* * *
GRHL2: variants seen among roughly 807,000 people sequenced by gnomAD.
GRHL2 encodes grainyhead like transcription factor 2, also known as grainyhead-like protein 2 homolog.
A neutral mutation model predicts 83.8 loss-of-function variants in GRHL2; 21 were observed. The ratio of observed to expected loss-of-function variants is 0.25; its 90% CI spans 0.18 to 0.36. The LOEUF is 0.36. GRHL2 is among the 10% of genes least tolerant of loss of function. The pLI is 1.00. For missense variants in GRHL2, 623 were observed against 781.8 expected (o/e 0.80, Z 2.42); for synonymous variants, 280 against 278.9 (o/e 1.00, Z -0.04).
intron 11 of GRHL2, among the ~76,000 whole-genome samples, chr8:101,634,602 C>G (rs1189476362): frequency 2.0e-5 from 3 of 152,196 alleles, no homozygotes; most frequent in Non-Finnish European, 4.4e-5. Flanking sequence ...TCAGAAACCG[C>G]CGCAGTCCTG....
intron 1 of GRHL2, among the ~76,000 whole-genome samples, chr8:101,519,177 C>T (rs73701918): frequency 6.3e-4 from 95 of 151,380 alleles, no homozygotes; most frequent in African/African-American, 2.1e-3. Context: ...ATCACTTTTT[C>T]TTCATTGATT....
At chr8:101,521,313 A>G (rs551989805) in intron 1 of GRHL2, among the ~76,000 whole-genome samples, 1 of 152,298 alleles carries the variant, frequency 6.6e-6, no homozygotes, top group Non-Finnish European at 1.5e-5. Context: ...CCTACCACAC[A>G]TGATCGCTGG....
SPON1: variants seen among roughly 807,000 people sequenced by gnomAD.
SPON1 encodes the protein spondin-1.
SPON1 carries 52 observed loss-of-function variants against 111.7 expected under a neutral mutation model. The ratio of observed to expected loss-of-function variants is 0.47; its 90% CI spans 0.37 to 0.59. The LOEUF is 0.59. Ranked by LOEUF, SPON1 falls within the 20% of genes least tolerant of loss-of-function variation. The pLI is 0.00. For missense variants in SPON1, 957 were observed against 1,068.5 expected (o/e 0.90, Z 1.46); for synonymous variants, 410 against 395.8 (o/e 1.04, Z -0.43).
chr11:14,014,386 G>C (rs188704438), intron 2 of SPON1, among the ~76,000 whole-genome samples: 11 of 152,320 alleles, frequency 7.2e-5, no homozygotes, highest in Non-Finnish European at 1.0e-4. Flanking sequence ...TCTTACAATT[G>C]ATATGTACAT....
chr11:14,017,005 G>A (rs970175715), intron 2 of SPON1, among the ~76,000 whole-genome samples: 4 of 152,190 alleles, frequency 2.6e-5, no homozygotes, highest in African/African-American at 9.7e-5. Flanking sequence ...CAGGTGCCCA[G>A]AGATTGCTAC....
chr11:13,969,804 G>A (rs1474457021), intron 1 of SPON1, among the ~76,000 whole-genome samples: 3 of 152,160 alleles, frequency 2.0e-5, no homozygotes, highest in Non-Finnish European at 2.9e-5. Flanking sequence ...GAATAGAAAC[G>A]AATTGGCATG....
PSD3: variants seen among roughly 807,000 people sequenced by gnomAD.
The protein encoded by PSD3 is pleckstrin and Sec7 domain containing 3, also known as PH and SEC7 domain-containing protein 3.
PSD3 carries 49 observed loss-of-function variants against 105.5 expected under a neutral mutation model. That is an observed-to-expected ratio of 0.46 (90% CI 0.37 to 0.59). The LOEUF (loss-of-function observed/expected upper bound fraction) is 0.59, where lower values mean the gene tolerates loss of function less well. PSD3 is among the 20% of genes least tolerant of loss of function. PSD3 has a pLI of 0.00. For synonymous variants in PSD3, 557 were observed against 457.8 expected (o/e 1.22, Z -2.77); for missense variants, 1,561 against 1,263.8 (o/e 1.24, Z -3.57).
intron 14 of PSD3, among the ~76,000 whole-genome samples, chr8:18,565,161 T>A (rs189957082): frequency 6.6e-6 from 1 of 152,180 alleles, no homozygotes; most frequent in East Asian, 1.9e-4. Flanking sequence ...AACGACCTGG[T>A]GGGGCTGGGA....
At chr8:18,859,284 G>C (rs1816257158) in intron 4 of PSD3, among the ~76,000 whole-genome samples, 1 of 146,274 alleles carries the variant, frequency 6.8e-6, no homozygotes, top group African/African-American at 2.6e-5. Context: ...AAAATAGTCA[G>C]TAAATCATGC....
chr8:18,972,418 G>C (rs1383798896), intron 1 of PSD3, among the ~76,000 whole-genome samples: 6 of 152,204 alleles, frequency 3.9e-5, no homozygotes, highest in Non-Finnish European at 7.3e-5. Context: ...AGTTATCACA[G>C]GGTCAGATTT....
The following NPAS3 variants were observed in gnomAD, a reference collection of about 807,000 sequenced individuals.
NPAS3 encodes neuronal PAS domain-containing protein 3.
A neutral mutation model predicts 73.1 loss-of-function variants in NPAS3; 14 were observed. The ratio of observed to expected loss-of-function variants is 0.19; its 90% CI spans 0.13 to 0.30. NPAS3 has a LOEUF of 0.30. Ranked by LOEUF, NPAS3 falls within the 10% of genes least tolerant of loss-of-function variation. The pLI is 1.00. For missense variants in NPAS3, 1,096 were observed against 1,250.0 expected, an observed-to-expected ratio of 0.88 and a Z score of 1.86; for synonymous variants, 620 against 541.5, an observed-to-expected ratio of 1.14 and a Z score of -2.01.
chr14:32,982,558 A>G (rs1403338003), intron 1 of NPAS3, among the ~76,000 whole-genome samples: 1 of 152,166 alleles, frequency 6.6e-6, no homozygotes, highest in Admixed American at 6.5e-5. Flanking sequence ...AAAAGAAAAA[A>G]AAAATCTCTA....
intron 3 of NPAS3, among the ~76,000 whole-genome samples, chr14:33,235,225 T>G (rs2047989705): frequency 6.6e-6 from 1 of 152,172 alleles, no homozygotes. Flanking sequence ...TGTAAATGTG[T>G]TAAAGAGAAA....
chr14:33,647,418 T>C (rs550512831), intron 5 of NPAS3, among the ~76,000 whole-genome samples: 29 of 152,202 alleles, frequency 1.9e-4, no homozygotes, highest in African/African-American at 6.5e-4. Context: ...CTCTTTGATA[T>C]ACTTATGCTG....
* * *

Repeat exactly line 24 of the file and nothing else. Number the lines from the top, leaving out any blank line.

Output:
chr14:33,647,418 T>C (rs550512831), intron 5 of NPAS3, among the ~76,000 whole-genome samples: 29 of 152,202 alleles, frequency 1.9e-4, no homozygotes, highest in African/African-American at 6.5e-4. Context: ...CTCTTTGATA[T>C]ACTTATGCTG....